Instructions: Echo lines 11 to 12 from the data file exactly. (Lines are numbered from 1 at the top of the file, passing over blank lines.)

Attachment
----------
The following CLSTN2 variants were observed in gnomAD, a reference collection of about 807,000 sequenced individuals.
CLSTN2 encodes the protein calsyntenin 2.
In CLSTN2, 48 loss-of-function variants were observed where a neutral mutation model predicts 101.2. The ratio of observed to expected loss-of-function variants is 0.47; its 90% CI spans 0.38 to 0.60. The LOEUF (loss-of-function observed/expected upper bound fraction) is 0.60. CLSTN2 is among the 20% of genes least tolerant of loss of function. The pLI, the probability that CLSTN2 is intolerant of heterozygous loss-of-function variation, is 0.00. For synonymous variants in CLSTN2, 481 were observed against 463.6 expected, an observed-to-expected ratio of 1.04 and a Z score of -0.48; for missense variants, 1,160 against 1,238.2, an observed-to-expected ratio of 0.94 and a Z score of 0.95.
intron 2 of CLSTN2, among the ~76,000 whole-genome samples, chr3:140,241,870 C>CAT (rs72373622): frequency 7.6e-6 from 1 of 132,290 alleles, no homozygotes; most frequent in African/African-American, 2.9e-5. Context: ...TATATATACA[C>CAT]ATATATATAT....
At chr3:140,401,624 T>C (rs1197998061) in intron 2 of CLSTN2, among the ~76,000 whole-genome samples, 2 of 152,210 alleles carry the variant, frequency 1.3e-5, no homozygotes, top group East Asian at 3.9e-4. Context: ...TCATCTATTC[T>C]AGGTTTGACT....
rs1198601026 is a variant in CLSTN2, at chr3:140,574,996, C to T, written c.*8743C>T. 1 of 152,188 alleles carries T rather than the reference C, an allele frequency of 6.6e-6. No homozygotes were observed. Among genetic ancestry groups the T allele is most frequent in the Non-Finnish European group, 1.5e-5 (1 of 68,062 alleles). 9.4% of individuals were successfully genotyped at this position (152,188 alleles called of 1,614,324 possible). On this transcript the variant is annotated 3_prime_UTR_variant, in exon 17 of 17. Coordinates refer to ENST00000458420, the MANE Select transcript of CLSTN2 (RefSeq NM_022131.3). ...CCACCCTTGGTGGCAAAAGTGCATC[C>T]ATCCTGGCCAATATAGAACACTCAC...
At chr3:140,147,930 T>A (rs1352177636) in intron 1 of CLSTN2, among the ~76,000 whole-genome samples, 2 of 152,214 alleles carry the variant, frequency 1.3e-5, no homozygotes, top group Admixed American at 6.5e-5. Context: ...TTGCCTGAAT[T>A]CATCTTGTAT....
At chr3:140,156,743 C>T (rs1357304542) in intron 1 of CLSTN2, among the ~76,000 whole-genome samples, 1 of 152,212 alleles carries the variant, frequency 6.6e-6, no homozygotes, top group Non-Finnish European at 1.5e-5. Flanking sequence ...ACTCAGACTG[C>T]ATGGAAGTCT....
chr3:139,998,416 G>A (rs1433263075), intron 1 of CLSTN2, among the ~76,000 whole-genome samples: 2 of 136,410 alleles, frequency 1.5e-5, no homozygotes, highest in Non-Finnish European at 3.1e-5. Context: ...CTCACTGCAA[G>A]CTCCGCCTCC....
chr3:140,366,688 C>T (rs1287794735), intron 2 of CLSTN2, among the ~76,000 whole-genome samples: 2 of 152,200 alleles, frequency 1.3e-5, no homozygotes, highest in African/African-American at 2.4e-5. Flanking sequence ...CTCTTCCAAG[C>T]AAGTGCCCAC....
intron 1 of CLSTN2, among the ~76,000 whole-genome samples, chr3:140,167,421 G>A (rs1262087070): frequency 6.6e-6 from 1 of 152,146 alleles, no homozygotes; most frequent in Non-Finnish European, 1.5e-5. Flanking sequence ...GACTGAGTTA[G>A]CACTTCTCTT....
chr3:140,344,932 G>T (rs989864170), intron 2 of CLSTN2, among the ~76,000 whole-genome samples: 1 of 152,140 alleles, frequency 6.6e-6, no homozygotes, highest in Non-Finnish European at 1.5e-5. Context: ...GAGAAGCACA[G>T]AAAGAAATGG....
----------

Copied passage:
intron 1 of CLSTN2, among the ~76,000 whole-genome samples, chr3:140,167,421 G>A (rs1262087070): frequency 6.6e-6 from 1 of 152,146 alleles, no homozygotes; most frequent in Non-Finnish European, 1.5e-5. Flanking sequence ...GACTGAGTTA[G>A]CACTTCTCTT....
chr3:140,344,932 G>T (rs989864170), intron 2 of CLSTN2, among the ~76,000 whole-genome samples: 1 of 152,140 alleles, frequency 6.6e-6, no homozygotes, highest in Non-Finnish European at 1.5e-5. Context: ...GAGAAGCACA[G>T]AAAGAAATGG....